A Purpose.

Welcome to Renewals, a blog discussing low morale in academic libraries. This blog supports my work on this topic and also serves as a point of reference and resource for those who have faced or are currently experiencing low morale in academic library environments. This space is also for anyone who is concerned about preventing workplace abuse. By the way, because of my study’s definition of low morale, I use the terms workplace abuse, workplace neglect, and low morale interchangeably.

Participant data in my study revealed that low morale is the result of repeated and protracted exposure to emotional, verbal/written, and systemic abuse or neglect in the workplace. While my study focuses on academic libraries, the general response to my research has alerted me that the trajectory and outcomes of the experience may also apply to other library environments. I hope this outlet is also helpful to anyone to whom this applies.

My first few blogs reflect content I originally published at The Ink On The Page, a project I began last year. As this space develops, I will include original content focusing on my 2017 study,  my forthcoming study centering on the low -morale experiences of racial and ethnic minority academic librarians, and other ideas and projects that spring from these works.

I have also created an online community for academic librarians who are familiar with low-morale (Renewers).  Along with this space, I hope Renewers are able to recognize, reduce, and resolve their experiences, return to a fuller sense of joy, and recapture purpose in their careers and communities of service. Moreover, I’d like to offer this space for sustained constructive dialogue on this important topic – let’s connect, create strategies, and fulfill positive outcomes for the long-term improvement of our profession.

All Best,

RenewBlogSigTrans

P.S. You can keep up with my other research and news here!

 

 

 

Advertisements

Enabling Systems of Low Morale in PoC Academic Librarians

[This content was originally published on July 2, 2018 at The Ink On The Page.]

cogs

If you’re following this blog – or my work in general – you’re aware that I’m currently working on data analysis for my PoC Low Morale study.  After I closed the interview phase, I asked my colleague (and friend) Ione Damasco to join me on this project. 

During the past few months, we’ve been working intensely: reading, re-reading and coding swaths of qualitative data from over a dozen racial and/or ethnic minority librarians working in North American academic libraries.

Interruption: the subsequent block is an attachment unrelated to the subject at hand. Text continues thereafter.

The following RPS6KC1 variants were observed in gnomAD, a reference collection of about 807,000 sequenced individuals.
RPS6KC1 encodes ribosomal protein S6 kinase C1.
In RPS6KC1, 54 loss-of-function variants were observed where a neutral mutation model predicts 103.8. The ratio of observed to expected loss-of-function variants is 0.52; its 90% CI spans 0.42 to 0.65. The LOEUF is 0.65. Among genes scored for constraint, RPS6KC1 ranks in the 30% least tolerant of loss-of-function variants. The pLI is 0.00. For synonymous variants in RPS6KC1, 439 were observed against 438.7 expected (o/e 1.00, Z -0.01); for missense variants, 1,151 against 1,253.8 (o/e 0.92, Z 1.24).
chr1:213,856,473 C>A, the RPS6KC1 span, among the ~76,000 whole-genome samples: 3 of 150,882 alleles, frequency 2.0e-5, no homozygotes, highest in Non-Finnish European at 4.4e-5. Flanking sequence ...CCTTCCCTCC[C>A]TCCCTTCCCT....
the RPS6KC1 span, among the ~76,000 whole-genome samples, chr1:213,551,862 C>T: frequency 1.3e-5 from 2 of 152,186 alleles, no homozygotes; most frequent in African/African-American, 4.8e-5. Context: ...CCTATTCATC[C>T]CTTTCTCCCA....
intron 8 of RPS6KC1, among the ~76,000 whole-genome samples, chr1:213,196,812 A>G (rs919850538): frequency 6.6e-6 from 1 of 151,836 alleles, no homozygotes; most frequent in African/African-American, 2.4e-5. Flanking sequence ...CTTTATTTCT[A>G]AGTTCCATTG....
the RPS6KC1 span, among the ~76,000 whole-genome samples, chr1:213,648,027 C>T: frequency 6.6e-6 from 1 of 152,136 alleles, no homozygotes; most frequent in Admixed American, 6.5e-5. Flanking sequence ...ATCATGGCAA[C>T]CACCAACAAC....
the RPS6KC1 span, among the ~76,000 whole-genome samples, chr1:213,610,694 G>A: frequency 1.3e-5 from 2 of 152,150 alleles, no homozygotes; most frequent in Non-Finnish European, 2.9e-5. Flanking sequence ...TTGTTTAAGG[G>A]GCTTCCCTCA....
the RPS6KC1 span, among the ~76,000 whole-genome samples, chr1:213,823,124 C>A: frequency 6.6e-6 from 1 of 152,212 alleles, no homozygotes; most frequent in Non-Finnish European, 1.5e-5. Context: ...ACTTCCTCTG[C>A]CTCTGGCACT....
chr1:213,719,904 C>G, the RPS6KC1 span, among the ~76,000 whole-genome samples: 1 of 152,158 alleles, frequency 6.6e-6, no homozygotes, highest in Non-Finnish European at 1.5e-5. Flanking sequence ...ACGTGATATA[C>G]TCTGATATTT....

We have learned that our results will not change the trajectory of low morale – instead, what is markedly different are the number of Enabling Systems of the experience for this group of LIS professionals. 

The original Enabling Systems (ES) of the low-morale experience (which also affect PoC librarians) are:

  • Uncertainty & Mistrust
  • Leadership
  • Faculty Status/Tenure & Promotion
  • Human Resources Limitations
  • Contagion
  • Staffing & Employment

The data show there are ten(!) more ES that affect this group in addition to the ones listed above. These ES are interconnected, and the five major systems span aspects of racism, Whiteness, diversity, work-life landscapes, and social psychology. You can learn more about the Diversity-related Enabling System here.

At this time, I think our paper will focus on reporting the major (and summarizing the minor) ES, along with associated physical, emotional, and/or career impacts and possibly, implications for recruitment and retention. 

We hope to submit the article for review by the end of this summer or in early fall. Please look forward to it.

[UPDATE 8/9/18: Further data analysis has shifted the number of ES from ten to seven. Some of what were previously analyzed as ES are now categorized as separate impact factors, and others were subsumed into broader ES. In the original study there are two other impact factors besides ES: Insidious Experience Development and Contagion. So, in short, not only are PoC Librarians dealing with additional ES; they are also contending with added other continua during the experience.

Additionally – because the voices of PoC librarians and their experiences are so often de-centered or devalued, we have decided to include a report of the low-morale experience for this group along with a report of all impact factors (including ES) results. The draft is long, but we believe it is imperative to share the commonality and differences of the low-morale experience for this group.

The draft of the results have been written and will be validated by study participants soon; we are on-course for a Fall 2018 draft submission to our editors. Let me know if you have any questions!

CClicense

Curated: The “Lost in the Stacks” Interview.